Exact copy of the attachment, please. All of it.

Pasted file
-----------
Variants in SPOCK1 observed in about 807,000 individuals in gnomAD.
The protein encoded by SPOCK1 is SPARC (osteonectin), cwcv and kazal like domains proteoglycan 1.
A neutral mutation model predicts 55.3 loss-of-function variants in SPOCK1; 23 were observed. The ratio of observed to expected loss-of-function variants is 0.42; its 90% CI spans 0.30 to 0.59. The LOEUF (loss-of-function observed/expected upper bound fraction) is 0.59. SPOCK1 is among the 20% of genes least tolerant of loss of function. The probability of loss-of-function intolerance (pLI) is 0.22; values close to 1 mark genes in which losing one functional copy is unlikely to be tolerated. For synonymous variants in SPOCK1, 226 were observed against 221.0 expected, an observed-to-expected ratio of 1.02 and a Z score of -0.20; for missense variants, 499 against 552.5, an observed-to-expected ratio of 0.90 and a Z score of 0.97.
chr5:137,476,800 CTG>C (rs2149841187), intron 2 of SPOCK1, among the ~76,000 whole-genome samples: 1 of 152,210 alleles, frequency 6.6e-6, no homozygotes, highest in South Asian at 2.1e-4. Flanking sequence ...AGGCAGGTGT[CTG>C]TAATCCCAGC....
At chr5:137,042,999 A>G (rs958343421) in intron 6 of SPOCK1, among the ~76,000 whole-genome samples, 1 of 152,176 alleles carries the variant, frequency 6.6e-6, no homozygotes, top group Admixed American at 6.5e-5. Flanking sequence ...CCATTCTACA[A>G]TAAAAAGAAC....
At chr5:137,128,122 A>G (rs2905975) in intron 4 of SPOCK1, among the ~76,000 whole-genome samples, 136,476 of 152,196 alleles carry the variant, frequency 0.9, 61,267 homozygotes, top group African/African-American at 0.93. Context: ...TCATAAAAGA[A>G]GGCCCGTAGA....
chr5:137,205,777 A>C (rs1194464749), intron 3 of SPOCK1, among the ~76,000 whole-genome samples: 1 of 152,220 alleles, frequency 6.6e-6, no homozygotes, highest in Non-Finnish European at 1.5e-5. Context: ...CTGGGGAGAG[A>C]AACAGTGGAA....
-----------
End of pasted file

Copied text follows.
Variants in SPOCK1 observed in about 807,000 individuals in gnomAD.
The protein encoded by SPOCK1 is SPARC (osteonectin), cwcv and kazal like domains proteoglycan 1.
A neutral mutation model predicts 55.3 loss-of-function variants in SPOCK1; 23 were observed. The ratio of observed to expected loss-of-function variants is 0.42; its 90% CI spans 0.30 to 0.59. The LOEUF (loss-of-function observed/expected upper bound fraction) is 0.59. SPOCK1 is among the 20% of genes least tolerant of loss of function. The probability of loss-of-function intolerance (pLI) is 0.22; values close to 1 mark genes in which losing one functional copy is unlikely to be tolerated. For synonymous variants in SPOCK1, 226 were observed against 221.0 expected, an observed-to-expected ratio of 1.02 and a Z score of -0.20; for missense variants, 499 against 552.5, an observed-to-expected ratio of 0.90 and a Z score of 0.97.
chr5:137,476,800 CTG>C (rs2149841187), intron 2 of SPOCK1, among the ~76,000 whole-genome samples: 1 of 152,210 alleles, frequency 6.6e-6, no homozygotes, highest in South Asian at 2.1e-4. Flanking sequence ...AGGCAGGTGT[CTG>C]TAATCCCAGC....
At chr5:137,042,999 A>G (rs958343421) in intron 6 of SPOCK1, among the ~76,000 whole-genome samples, 1 of 152,176 alleles carries the variant, frequency 6.6e-6, no homozygotes, top group Admixed American at 6.5e-5. Flanking sequence ...CCATTCTACA[A>G]TAAAAAGAAC....
At chr5:137,128,122 A>G (rs2905975) in intron 4 of SPOCK1, among the ~76,000 whole-genome samples, 136,476 of 152,196 alleles carry the variant, frequency 0.9, 61,267 homozygotes, top group African/African-American at 0.93. Context: ...TCATAAAAGA[A>G]GGCCCGTAGA....
chr5:137,205,777 A>C (rs1194464749), intron 3 of SPOCK1, among the ~76,000 whole-genome samples: 1 of 152,220 alleles, frequency 6.6e-6, no homozygotes, highest in Non-Finnish European at 1.5e-5. Context: ...CTGGGGAGAG[A>C]AACAGTGGAA....